I don’t care who the best marketer is on Broadway.

You know what I really care about?

Who the best marketer is in the world.

Yes, we have a very unique product on Broadway.  But at the end of the day, great marketers are great marketers, no matter what they sell.

And sure we’re a billion dollar industry . . . but what about all those billion dollar companies out there?  What about the people that spend more on media in a month than we could spend in a year?

That’s why I try to look outside our industry for marketing ideas, trends, and lessons that I can apply to what we do.  And you should too.

Need a place to start?

Ad Age, the advertising/marketing world’s NY Times, just published their annual “Marketer A-List” which are their choices for “the Most Creative, Successful Companies of the Year.”

It includes an incredible cross section of different types of companies from CVS to Frozen to my fave,  Salesforce (which I’ve been using for years and promote in Raise It).

See how these companies are making impressions and making money here.

And then see what it inspires you to do.

You may not have as much money or as much market share . . . but you’re in a creative industry!  So I’d argue you can come up with something even cooler.

Just because someone has a bigger office doesn’t mean they have a bigger brain.

So let’s show them what we can do.

And maybe next year a Broadway show will be on this list.

 

(Got a comment? I love ‘em, so comment below! Email Subscribers, click here then scroll down to say what’s on your mind!)

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FUN STUFF:

– Next year’s seminars list is up.  Check out the new dates here.

– Win a free copy of my board game, Be A Broadway Star!  Click here.

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Comments
  • Dan Radakovich says:

    For a Broadway show to get on this list it would need an almost universal appeal, so it would have to advocate itself to all age groups or at least not be objectionable to any and that sort of counters much of accepted theatrical received wisdo from academe, which praises originality and contentiousness as snes-qua-non of literary endeavor. Several questions should be answered positively, kij: Is it timely, tthat is can a large percentage of the population relate to the problems and issues of the characters? Is it favoring certain segments of the population that can be persyaded to give it a chance without alienating others? If such alieation occues can it be assuaged? Sorrty t bring up my own efforrt again but it is useful as an example. It has legs fromt he original author having a prior undeniable success[4 year Broadway rin, Pulitzer and 3 Tonys, generally timeless aspects that met most of the above criteria-the earlier work that is met these, Teahouse fothe August moon], book of this one had 150^ sales figures, is favorable to military, Asian ethnicity, Business and Finance and Investment club communities both in town and countrywide[the last has 16 million members, and most have families]–and the bootstrap and micro economy enthusiasts, , Sweet potato famers and consumers, grain and hog farmers and cooperatives, Fraternity and Sorority members. small college and university students and alumni, has thrree love stories[mature, teen, and a May-September] and 2 buddy/bromances, royalty, satire and some great lines[in this one, the lines are the original authors’ not mine-wry grin!]. the title works for a Burma Shave style succcesive billboard s [can play on the concept the King is coming meme as the title is The king from Ashtabula-( possibly with ann ending question mark-recall hoe Oklahoma! benefitted from its exclamation point)], deals with universal constant issues like retirement worries, adolescent fears of being forced into family business, sudden lifechanges and worries, governmental and military absurdities, cultural clashes, generational differences, etc. Each of these would present opportuities for successful marketing outreach outreach and for regrettable failure. But no campaignwould make up for lack of story or poor acting. It is longish so it should be presented as a relaxing night of enjoyable thater[a a good negotiation on concessions be made and as it is NOT a musical,marketing should take notice that for most people coming to NYC, the whole “Nre York experience” is the viewing of a musical. But because of the expense of the trip, most visitors come between 2 and 4 nights not a week or more. The prices of the musical are higher. So a non-musical should best be marketed as the SECOND play to see, give the audiences’ ears a rest and value for a less expensive straight play and grab them on their second night on the town. Or so it seems to me. And finally some way of working the new JOBS Act authorization to get equity out to people [up to one million dollars] should be done. Almost everyone who will buy a stock share will likely want to come see their money at work and it would be easy to offer stockholders a discount on a seat or seats depending on how many shares they held, but one should try for the greatest distribution possible to attract more in the seats[since it would not be a musical there would be all the empties in the orchestral pit for freebies for students or people with disabilities like blind folks or otherwise handicapped…not sure how or if that could work. But it culld help get buzz, and word of mouth, as the Broadway League’s stats show, is still the best marketing tool for the theater..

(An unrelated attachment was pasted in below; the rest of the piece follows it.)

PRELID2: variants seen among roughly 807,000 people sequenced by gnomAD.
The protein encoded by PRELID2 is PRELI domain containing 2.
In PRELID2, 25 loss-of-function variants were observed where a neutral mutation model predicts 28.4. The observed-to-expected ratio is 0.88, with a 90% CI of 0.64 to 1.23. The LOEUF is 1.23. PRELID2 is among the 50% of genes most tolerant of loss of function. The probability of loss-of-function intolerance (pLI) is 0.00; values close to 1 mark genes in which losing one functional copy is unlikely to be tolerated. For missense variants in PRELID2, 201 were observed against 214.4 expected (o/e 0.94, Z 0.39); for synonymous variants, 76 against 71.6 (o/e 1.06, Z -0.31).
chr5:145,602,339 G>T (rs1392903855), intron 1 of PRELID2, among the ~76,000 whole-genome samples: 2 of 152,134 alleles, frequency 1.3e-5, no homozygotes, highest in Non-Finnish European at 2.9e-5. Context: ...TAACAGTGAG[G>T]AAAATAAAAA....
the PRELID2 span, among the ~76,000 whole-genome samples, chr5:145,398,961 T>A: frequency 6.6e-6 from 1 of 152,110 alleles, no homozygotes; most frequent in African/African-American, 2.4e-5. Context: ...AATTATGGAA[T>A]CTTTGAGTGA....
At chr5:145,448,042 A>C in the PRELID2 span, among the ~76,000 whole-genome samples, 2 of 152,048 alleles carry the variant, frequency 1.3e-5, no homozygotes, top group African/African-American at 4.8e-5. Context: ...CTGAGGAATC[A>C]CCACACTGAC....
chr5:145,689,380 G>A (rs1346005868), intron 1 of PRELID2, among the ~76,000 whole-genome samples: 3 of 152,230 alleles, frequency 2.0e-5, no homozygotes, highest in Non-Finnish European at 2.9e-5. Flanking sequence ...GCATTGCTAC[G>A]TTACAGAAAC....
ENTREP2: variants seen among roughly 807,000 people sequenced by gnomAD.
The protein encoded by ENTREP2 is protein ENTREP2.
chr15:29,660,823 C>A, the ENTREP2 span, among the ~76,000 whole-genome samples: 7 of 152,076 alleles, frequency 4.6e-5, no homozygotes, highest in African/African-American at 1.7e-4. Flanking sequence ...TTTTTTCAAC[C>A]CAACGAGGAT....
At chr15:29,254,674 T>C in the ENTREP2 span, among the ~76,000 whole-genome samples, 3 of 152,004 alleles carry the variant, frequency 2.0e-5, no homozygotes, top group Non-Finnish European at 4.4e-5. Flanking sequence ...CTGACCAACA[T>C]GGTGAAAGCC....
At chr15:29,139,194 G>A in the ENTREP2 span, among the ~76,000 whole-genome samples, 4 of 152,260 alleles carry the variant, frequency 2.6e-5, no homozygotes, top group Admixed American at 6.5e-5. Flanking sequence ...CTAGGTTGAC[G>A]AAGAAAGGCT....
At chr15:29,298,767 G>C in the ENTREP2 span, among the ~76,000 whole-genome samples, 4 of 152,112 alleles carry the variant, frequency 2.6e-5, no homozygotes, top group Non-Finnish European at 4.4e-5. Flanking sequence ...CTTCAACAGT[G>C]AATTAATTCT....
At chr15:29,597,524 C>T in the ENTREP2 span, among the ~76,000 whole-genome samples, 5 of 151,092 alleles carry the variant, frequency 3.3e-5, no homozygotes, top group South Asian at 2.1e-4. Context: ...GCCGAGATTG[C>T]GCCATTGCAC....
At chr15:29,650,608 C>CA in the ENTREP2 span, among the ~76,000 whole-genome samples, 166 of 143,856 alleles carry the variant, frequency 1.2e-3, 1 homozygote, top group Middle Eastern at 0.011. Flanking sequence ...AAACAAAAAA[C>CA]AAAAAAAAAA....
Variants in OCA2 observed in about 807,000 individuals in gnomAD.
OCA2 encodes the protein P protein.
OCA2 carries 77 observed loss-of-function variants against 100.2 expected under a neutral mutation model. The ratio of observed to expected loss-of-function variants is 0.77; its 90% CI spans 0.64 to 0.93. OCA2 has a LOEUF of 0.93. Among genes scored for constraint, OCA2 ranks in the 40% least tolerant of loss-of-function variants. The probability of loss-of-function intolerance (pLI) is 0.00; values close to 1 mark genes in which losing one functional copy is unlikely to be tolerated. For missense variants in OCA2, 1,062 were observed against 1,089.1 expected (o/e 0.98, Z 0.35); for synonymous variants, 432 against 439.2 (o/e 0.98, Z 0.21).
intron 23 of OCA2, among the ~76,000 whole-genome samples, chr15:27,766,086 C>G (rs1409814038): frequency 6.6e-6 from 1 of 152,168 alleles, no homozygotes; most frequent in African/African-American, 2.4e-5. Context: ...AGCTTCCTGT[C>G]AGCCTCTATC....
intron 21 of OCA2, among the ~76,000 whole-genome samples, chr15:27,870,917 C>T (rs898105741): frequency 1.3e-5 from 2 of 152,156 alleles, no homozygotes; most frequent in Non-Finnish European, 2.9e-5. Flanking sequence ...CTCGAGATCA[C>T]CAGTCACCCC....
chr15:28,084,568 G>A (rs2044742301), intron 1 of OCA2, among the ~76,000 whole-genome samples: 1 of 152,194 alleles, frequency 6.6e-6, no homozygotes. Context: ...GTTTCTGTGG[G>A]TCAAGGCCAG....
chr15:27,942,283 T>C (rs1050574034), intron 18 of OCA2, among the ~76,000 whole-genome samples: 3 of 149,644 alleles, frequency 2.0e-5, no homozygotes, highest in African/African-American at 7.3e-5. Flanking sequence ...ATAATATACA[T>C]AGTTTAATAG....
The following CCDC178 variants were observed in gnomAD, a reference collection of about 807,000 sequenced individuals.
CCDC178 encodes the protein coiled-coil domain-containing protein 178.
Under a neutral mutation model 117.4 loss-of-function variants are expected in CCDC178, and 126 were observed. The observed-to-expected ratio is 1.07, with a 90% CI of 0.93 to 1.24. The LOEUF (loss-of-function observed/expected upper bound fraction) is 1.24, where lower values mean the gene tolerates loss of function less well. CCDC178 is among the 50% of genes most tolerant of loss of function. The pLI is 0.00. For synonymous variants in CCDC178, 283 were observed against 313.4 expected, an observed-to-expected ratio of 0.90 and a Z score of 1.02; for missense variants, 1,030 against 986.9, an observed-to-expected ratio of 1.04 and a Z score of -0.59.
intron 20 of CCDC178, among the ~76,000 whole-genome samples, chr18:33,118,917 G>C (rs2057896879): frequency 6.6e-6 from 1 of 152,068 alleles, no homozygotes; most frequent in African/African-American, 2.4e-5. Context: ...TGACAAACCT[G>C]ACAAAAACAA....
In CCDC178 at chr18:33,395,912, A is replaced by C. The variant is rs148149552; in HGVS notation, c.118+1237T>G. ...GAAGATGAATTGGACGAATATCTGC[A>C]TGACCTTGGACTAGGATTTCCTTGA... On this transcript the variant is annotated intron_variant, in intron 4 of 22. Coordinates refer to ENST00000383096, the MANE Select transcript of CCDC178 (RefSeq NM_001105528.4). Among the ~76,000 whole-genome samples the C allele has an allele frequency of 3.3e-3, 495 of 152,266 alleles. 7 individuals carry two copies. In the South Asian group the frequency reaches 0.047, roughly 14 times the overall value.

• Stephen Marmon says:

    Fine column, but it’s either unique or it’s not. There is no such thing as a “very unique product.”

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